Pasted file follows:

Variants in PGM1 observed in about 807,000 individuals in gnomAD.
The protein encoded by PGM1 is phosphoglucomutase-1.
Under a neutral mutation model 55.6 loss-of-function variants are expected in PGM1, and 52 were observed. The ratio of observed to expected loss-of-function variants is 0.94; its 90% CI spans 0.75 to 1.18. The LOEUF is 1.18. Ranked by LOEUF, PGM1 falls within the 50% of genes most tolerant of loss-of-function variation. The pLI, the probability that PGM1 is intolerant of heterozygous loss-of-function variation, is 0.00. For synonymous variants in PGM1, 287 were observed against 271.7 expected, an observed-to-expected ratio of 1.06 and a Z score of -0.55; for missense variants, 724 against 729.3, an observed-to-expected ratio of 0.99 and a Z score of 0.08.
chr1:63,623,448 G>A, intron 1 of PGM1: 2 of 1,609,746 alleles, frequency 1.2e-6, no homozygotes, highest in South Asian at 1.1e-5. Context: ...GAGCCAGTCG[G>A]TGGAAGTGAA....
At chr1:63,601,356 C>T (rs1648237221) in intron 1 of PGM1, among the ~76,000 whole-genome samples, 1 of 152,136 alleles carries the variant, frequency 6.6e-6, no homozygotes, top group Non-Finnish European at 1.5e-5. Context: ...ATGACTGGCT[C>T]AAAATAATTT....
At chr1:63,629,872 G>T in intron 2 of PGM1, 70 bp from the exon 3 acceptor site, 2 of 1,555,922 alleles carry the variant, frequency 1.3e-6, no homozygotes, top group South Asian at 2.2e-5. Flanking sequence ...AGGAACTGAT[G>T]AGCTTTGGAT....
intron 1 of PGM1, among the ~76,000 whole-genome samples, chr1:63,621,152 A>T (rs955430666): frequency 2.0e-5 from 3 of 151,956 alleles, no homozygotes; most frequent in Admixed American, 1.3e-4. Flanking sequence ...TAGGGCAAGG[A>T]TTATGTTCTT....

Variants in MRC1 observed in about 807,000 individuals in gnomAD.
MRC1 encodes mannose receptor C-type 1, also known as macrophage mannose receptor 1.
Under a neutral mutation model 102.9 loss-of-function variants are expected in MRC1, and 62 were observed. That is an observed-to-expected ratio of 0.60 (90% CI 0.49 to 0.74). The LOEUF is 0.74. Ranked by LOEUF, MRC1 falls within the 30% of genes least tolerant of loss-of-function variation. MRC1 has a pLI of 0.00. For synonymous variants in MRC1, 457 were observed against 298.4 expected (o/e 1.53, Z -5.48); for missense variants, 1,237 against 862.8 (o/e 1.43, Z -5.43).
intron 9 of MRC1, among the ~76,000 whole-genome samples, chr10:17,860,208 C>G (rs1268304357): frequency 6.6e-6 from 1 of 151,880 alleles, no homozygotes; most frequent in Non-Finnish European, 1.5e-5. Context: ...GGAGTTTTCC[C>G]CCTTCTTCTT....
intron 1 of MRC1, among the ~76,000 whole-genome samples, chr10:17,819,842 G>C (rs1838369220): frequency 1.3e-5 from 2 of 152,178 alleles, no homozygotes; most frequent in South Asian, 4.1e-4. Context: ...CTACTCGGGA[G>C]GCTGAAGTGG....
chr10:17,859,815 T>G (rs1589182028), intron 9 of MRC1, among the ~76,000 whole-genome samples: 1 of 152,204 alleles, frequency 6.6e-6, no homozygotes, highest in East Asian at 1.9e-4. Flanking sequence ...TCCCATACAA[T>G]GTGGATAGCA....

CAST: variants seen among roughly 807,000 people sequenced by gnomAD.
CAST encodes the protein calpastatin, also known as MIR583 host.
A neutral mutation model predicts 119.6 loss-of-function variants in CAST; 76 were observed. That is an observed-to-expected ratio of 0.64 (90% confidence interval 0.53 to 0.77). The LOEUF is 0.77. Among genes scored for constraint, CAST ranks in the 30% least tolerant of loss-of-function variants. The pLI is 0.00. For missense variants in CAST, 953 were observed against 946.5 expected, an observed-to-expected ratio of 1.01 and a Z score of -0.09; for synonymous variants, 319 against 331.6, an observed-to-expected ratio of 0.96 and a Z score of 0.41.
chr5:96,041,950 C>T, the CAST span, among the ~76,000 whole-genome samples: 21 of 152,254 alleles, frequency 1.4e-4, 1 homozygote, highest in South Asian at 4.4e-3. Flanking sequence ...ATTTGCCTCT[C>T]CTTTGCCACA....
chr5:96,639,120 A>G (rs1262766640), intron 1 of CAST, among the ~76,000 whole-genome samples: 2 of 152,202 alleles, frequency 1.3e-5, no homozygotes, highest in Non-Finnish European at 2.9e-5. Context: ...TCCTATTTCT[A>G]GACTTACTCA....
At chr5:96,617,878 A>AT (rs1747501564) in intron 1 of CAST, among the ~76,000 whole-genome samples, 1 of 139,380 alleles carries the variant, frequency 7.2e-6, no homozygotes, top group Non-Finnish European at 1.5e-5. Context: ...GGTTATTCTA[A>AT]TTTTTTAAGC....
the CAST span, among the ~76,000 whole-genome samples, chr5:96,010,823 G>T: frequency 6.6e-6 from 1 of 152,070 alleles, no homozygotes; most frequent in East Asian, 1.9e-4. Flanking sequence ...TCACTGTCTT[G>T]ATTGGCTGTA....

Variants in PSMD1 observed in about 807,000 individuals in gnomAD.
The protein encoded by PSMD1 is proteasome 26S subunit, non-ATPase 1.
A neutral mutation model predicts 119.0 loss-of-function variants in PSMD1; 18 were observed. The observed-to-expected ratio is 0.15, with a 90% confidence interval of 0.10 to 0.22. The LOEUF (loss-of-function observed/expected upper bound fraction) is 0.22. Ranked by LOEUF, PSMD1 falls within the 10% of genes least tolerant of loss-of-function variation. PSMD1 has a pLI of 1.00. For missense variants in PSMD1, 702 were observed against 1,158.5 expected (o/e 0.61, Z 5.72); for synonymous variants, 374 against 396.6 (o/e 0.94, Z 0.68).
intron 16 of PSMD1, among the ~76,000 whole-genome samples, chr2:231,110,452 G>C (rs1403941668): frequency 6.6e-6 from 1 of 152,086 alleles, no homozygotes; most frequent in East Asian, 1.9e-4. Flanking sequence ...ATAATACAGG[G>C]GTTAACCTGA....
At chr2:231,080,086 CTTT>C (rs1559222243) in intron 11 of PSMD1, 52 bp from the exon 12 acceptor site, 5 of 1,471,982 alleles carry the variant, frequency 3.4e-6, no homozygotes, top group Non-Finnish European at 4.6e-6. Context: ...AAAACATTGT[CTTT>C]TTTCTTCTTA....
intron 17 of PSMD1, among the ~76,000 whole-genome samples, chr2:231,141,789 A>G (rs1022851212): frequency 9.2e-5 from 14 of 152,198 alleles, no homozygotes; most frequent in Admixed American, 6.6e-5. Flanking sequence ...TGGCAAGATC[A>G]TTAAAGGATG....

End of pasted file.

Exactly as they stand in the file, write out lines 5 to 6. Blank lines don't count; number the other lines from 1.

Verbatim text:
At chr1:63,601,356 C>T (rs1648237221) in intron 1 of PGM1, among the ~76,000 whole-genome samples, 1 of 152,136 alleles carries the variant, frequency 6.6e-6, no homozygotes, top group Non-Finnish European at 1.5e-5. Context: ...ATGACTGGCT[C>T]AAAATAATTT....
At chr1:63,629,872 G>T in intron 2 of PGM1, 70 bp from the exon 3 acceptor site, 2 of 1,555,922 alleles carry the variant, frequency 1.3e-6, no homozygotes, top group South Asian at 2.2e-5. Flanking sequence ...AGGAACTGAT[G>T]AGCTTTGGAT....